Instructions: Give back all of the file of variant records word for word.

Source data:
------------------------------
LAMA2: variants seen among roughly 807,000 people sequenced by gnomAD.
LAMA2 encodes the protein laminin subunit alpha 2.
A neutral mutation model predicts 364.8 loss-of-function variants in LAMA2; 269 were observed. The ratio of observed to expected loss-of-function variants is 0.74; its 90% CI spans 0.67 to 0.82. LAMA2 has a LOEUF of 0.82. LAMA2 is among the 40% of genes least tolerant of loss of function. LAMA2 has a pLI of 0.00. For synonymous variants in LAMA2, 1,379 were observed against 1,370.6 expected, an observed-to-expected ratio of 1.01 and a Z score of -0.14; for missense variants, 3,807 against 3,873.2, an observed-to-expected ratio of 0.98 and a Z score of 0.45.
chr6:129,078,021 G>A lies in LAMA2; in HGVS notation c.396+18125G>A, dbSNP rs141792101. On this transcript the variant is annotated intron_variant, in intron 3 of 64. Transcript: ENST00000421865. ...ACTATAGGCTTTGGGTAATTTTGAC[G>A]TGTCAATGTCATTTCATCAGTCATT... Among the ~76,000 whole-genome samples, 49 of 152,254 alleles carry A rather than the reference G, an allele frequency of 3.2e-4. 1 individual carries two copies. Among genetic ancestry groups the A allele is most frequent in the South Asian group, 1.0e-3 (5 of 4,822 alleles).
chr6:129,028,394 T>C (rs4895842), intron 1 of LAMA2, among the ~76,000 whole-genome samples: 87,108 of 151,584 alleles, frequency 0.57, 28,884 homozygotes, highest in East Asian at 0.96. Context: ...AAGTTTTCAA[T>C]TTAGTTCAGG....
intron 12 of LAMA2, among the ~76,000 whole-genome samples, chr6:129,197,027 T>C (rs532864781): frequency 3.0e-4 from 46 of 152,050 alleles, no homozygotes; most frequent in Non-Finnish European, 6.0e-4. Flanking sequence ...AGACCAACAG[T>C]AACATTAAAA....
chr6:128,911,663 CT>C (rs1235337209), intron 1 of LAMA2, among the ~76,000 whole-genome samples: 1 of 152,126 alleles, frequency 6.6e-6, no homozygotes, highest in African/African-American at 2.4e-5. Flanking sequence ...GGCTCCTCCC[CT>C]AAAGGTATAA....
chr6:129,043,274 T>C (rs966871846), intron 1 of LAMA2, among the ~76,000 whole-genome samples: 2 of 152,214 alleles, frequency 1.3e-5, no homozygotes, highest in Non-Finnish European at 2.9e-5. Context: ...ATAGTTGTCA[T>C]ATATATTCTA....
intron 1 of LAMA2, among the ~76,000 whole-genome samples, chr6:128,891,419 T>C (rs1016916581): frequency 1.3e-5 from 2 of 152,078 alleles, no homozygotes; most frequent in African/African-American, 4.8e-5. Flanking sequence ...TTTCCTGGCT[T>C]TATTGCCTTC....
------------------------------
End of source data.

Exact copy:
LAMA2: variants seen among roughly 807,000 people sequenced by gnomAD.
LAMA2 encodes the protein laminin subunit alpha 2.
A neutral mutation model predicts 364.8 loss-of-function variants in LAMA2; 269 were observed. The ratio of observed to expected loss-of-function variants is 0.74; its 90% CI spans 0.67 to 0.82. LAMA2 has a LOEUF of 0.82. LAMA2 is among the 40% of genes least tolerant of loss of function. LAMA2 has a pLI of 0.00. For synonymous variants in LAMA2, 1,379 were observed against 1,370.6 expected, an observed-to-expected ratio of 1.01 and a Z score of -0.14; for missense variants, 3,807 against 3,873.2, an observed-to-expected ratio of 0.98 and a Z score of 0.45.
chr6:129,078,021 G>A lies in LAMA2; in HGVS notation c.396+18125G>A, dbSNP rs141792101. On this transcript the variant is annotated intron_variant, in intron 3 of 64. Transcript: ENST00000421865. ...ACTATAGGCTTTGGGTAATTTTGAC[G>A]TGTCAATGTCATTTCATCAGTCATT... Among the ~76,000 whole-genome samples, 49 of 152,254 alleles carry A rather than the reference G, an allele frequency of 3.2e-4. 1 individual carries two copies. Among genetic ancestry groups the A allele is most frequent in the South Asian group, 1.0e-3 (5 of 4,822 alleles).
chr6:129,028,394 T>C (rs4895842), intron 1 of LAMA2, among the ~76,000 whole-genome samples: 87,108 of 151,584 alleles, frequency 0.57, 28,884 homozygotes, highest in East Asian at 0.96. Context: ...AAGTTTTCAA[T>C]TTAGTTCAGG....
intron 12 of LAMA2, among the ~76,000 whole-genome samples, chr6:129,197,027 T>C (rs532864781): frequency 3.0e-4 from 46 of 152,050 alleles, no homozygotes; most frequent in Non-Finnish European, 6.0e-4. Flanking sequence ...AGACCAACAG[T>C]AACATTAAAA....
chr6:128,911,663 CT>C (rs1235337209), intron 1 of LAMA2, among the ~76,000 whole-genome samples: 1 of 152,126 alleles, frequency 6.6e-6, no homozygotes, highest in African/African-American at 2.4e-5. Flanking sequence ...GGCTCCTCCC[CT>C]AAAGGTATAA....
chr6:129,043,274 T>C (rs966871846), intron 1 of LAMA2, among the ~76,000 whole-genome samples: 2 of 152,214 alleles, frequency 1.3e-5, no homozygotes, highest in Non-Finnish European at 2.9e-5. Context: ...ATAGTTGTCA[T>C]ATATATTCTA....
intron 1 of LAMA2, among the ~76,000 whole-genome samples, chr6:128,891,419 T>C (rs1016916581): frequency 1.3e-5 from 2 of 152,078 alleles, no homozygotes; most frequent in African/African-American, 4.8e-5. Flanking sequence ...TTTCCTGGCT[T>C]TATTGCCTTC....